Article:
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bad news, emily!

Monday, October 31, 2005

Celebrity Watch: Mike Schupbach

Time to brag on a friend of mine, Michael Schupbach.

From his humble beginnings at The Muppet Workshop, Mike has been working on some really cool stuff - see his website www.michaelschupbach.com I only just heard about his current show "Johnny and the Sprites" from a mass email he sent out today. Last Christmas I saw some of his puppet sketches for this project and now it's a big success!
Check out this show he co-created and designed:
www.playhousedisney.com and click on the "Johnny and the Sprites" button on the left to see all five episodes. It's totally cute.
Or you can catch it on the Disney Channel weekday mornings at 7:25am right after Little Einsteins. There are five, three-minute "Johnny and the Sprites" shows, each featuring a song by a Broadway composer, and lots of brand new, furry creatures designed by Mike.

(Note: The photo isn't of one of his characters... it's Mike himself.)

Friday, October 28, 2005

Is "ok" Okay?

I have a favorite kind of ballpoint pen at work: the Pilot G-2, blue. It's truly a beautiful pen. Being such an enviable pen, and being located at the front desk of my office, these pens often get stolen and are never seen again. This morning I found myself without my trusty blue G-2. So I got another one from the office supply shelf and am now constructing a tag, made from the sticky part of a neon pink Post-It note, to affix to the pen so as to be recognizable as not-one's-own to anyone who borrows it. As insurance, I decided to write a little note on the tag - something along the lines of "this is Sarah's - do not steal" or "stealing is a crime" or something like that. In search of a synonym for "steal," I went to thesaurus.reference.com and was shocked by what I found. The definition of "steal," as provided by Roget's New Millennium™ Thesaurus, reads "take without ok." I don't think I've ever seen the official definition of a word include the word "ok."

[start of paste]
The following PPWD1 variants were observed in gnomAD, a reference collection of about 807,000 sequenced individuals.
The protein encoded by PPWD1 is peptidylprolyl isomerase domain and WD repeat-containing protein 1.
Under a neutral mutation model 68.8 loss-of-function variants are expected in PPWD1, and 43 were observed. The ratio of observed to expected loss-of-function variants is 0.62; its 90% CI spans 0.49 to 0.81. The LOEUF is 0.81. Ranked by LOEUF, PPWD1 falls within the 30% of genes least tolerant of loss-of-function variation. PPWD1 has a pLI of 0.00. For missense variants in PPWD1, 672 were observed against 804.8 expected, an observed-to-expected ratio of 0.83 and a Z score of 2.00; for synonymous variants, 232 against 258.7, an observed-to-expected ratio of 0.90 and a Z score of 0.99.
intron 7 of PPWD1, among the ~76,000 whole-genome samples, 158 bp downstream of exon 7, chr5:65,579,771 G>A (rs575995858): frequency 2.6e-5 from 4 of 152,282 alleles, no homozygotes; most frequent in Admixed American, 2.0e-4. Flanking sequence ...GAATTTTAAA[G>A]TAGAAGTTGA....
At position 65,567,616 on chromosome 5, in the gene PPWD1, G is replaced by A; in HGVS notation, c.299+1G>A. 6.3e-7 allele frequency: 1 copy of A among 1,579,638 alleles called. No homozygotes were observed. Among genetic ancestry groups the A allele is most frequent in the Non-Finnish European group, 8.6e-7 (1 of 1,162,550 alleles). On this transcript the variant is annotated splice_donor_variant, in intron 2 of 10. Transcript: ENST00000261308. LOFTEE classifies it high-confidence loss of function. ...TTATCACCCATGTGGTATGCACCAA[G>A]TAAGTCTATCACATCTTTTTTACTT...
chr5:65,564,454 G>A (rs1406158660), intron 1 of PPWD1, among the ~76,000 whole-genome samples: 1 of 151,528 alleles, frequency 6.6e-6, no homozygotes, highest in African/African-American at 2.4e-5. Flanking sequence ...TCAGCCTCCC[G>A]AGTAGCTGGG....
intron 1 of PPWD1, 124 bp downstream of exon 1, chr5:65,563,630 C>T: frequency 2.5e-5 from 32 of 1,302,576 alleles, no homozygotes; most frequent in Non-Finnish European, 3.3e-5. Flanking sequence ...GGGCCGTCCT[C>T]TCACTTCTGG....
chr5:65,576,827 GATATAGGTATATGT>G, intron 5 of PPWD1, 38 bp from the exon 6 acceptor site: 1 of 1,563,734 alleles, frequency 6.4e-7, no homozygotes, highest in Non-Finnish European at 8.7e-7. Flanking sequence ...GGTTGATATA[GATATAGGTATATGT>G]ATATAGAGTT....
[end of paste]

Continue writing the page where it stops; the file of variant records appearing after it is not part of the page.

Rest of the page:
Though my credo is "language is dynamic," this was a truly unexpected find.

Thursday, October 27, 2005

Gettin’ a Whoopin’ on NPR

I heard a bit on NPR a little while ago that keeps popping back into my head. It was a young black man giving a monologue of sorts about his experience with discipline in his family and how glad he was that his mama “whooped” him a lot growing up.